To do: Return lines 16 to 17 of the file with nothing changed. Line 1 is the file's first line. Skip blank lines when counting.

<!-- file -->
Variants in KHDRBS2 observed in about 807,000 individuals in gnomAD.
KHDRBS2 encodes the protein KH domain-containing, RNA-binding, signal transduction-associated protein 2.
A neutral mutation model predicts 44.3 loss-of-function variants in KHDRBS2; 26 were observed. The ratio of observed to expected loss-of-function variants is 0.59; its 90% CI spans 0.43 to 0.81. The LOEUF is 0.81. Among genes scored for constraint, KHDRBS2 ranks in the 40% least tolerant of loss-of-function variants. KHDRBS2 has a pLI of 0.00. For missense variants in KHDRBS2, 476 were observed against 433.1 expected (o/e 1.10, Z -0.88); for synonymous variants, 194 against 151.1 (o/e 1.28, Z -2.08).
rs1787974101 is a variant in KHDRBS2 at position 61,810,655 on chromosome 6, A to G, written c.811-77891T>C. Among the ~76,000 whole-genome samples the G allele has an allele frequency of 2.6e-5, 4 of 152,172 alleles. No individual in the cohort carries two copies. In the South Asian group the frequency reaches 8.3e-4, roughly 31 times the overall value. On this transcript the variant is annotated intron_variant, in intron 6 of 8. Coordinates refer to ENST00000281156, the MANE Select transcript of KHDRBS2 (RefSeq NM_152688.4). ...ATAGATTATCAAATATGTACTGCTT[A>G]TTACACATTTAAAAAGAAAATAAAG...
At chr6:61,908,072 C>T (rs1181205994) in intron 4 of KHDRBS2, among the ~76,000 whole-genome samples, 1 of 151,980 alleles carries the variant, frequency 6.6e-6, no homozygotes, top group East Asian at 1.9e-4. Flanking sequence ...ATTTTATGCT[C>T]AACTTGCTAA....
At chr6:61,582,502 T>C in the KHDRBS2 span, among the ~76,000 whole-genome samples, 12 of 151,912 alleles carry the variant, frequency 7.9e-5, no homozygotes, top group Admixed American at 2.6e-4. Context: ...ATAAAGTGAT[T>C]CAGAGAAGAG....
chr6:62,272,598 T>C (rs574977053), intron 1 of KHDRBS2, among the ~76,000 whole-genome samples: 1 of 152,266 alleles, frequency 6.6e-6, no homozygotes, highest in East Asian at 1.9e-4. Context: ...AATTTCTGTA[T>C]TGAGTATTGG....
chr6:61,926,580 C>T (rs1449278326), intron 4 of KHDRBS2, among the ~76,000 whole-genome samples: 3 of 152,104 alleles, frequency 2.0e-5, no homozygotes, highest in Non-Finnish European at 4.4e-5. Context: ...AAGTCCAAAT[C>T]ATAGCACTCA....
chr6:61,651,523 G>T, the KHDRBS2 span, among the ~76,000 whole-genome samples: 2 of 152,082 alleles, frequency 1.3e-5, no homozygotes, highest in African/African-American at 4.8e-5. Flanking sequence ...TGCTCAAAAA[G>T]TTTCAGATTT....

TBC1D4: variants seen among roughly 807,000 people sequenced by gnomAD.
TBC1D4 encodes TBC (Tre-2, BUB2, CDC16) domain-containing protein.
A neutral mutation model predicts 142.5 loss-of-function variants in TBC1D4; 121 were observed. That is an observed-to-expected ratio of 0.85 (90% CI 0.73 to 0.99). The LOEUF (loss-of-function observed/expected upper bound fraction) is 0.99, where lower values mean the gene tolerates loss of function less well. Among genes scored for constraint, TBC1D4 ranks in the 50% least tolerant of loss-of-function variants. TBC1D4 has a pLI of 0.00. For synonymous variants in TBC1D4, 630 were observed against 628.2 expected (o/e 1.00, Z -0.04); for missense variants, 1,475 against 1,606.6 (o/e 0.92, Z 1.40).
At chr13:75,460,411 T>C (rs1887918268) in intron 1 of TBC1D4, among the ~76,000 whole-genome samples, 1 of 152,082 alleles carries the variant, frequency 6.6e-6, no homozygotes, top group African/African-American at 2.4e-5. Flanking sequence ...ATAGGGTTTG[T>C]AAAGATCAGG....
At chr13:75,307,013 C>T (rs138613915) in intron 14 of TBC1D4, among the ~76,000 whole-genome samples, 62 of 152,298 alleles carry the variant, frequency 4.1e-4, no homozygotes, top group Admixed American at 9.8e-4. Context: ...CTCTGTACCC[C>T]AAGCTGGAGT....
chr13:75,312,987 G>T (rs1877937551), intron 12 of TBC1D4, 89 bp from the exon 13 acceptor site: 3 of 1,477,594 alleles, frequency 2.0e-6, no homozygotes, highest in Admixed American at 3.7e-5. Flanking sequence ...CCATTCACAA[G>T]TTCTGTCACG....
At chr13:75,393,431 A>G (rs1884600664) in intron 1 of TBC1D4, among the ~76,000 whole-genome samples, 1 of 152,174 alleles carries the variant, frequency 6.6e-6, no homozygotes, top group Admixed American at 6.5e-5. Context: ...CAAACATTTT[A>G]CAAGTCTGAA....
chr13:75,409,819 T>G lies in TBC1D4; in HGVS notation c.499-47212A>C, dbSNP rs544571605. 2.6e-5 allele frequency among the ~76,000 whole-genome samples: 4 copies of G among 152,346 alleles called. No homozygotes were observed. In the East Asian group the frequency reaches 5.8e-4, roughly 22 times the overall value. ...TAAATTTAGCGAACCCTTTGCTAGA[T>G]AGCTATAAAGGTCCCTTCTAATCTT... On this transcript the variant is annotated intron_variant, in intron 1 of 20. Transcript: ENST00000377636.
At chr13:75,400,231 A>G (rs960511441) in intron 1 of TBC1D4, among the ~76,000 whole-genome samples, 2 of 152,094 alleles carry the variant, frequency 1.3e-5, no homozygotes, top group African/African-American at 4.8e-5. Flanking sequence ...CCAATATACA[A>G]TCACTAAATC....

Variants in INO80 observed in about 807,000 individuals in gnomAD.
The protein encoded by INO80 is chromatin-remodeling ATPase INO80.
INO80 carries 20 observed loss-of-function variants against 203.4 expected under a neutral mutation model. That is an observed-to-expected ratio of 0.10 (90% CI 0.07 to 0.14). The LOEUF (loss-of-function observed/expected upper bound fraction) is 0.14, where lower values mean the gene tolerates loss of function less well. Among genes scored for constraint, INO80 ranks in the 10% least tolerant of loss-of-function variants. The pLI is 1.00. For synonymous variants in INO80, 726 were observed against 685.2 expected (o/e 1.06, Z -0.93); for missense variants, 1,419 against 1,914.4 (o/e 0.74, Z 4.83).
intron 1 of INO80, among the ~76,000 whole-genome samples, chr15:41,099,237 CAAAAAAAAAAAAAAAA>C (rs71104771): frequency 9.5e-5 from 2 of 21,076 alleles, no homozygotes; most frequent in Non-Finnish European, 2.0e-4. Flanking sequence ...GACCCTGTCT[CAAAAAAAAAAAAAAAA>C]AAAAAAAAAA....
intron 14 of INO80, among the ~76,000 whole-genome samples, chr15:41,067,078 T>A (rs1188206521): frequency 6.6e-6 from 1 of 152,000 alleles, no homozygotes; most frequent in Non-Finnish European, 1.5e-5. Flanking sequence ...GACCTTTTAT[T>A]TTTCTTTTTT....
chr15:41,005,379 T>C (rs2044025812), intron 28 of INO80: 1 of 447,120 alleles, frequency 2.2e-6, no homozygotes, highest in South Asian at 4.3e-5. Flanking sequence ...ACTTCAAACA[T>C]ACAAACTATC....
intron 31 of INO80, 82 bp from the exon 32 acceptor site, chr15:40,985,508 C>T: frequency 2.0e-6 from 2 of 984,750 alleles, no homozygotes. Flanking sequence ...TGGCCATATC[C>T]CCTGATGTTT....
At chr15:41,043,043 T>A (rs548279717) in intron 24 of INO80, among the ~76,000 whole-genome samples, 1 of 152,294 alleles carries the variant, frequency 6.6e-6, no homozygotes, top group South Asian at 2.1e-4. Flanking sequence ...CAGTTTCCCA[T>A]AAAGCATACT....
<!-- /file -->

At chr13:75,393,431 A>G (rs1884600664) in intron 1 of TBC1D4, among the ~76,000 whole-genome samples, 1 of 152,174 alleles carries the variant, frequency 6.6e-6, no homozygotes, top group Admixed American at 6.5e-5. Context: ...CAAACATTTT[A>G]CAAGTCTGAA....
chr13:75,409,819 T>G lies in TBC1D4; in HGVS notation c.499-47212A>C, dbSNP rs544571605. 2.6e-5 allele frequency among the ~76,000 whole-genome samples: 4 copies of G among 152,346 alleles called. No homozygotes were observed. In the East Asian group the frequency reaches 5.8e-4, roughly 22 times the overall value. ...TAAATTTAGCGAACCCTTTGCTAGA[T>G]AGCTATAAAGGTCCCTTCTAATCTT... On this transcript the variant is annotated intron_variant, in intron 1 of 20. Transcript: ENST00000377636.